I’ve just finished another two days of work with the Area Health Service, and I’m back in Sydney. The review of existing documentation and reports is now complete, as is the expert review of the current intranet.
Overall, the current intranet scored high marks. It is consistent, fairly well structured, and the majority of the content is well-written and to-the-point. There is a lot of good information on this intranet.
And yet, looking at the web usage statistics, it is clear that the intranet is not being used by most staff. The question is: why?
Unlike most intranets, it’s not due to a lack of promotion or training. The intranet is run by the Public Affairs group, which has a strong grasp of the human and communication issues.
Certainly, lack of time is a critical factor. Most of the staff, especially the clinicians (doctors, nurses, etc) have very little time to browse the intranet. Another issue is lack of access. At present, there are only about 2500 networked PCs for a staff of 9000, and this particularly impacts upon the non-management groups (again, nurses are a good example).
Based on my reviews so far, and the discussions with the intranet team, we have developed a provisional strategy for refocusing the intranet to increase usage:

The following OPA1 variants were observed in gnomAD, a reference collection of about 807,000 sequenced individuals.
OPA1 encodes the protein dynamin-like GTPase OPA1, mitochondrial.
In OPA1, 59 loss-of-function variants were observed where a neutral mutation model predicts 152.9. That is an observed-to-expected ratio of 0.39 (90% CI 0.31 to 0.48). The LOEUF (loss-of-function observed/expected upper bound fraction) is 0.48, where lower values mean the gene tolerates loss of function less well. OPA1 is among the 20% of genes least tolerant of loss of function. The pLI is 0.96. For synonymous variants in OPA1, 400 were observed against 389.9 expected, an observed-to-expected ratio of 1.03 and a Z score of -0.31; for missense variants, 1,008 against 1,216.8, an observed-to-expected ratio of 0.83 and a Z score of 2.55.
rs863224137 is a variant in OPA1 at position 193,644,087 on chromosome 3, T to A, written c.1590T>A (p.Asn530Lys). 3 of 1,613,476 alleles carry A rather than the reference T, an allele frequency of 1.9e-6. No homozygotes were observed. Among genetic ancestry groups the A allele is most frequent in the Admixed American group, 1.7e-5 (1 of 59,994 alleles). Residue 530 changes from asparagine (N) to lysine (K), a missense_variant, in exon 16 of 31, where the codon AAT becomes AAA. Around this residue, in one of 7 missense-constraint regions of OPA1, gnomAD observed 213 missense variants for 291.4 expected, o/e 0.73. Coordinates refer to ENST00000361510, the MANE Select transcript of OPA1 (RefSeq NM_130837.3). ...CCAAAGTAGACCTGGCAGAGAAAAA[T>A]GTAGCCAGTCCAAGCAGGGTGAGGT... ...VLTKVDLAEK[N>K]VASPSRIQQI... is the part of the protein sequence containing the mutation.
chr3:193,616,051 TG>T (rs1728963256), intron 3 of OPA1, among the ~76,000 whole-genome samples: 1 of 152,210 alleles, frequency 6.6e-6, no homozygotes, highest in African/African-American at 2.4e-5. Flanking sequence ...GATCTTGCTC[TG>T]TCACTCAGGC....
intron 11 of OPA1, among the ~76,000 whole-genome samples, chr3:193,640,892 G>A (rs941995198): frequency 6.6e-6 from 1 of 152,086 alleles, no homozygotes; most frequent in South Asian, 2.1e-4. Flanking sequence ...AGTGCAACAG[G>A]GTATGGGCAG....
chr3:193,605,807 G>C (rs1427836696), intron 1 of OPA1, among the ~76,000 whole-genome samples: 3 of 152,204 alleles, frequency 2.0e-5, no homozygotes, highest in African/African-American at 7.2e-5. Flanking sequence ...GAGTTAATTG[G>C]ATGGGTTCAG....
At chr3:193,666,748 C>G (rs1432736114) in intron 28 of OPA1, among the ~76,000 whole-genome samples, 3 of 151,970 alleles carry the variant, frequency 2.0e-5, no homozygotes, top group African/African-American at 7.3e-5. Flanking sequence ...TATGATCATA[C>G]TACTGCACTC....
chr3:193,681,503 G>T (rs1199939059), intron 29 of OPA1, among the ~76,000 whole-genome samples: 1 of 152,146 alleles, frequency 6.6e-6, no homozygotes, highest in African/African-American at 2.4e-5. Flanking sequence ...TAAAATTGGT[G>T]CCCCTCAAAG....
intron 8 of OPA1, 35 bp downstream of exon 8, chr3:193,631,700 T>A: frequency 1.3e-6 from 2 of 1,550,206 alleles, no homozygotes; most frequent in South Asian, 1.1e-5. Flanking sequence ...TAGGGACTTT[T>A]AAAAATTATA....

- Provide news and communication
At present, the intranet is a repository for information, which while valuable, does not encourage repeat visits. By using the intranet as a platform for news and person-to-person communication (such as discussion groups), the intranet gains a new focus, and the flood of corporate e-mails is reduced.
- Focus on tasks
At present, the intranet is not a place to “do things”, instead it is only a source of reading materials. The intranet must become a “better way to do things” if it is to be successful in the long-term.
- Restructure along processes and subjects
While there is considerable information on the intranet, it is grouped acording to organisational unit. By restructuring this to match business processes, and general subjects, the intranet can be made more “user focused”.
It has certainly become clear that the issues and challenges facing the Area Health Service are very different to that in a normal corporate environment. The lack of universal access to PCs alone makes it much bigger than just an “intranet” problem.
What will be interesting is what will come out of the stakeholder interviews and usability testing, and what strategy changes will result.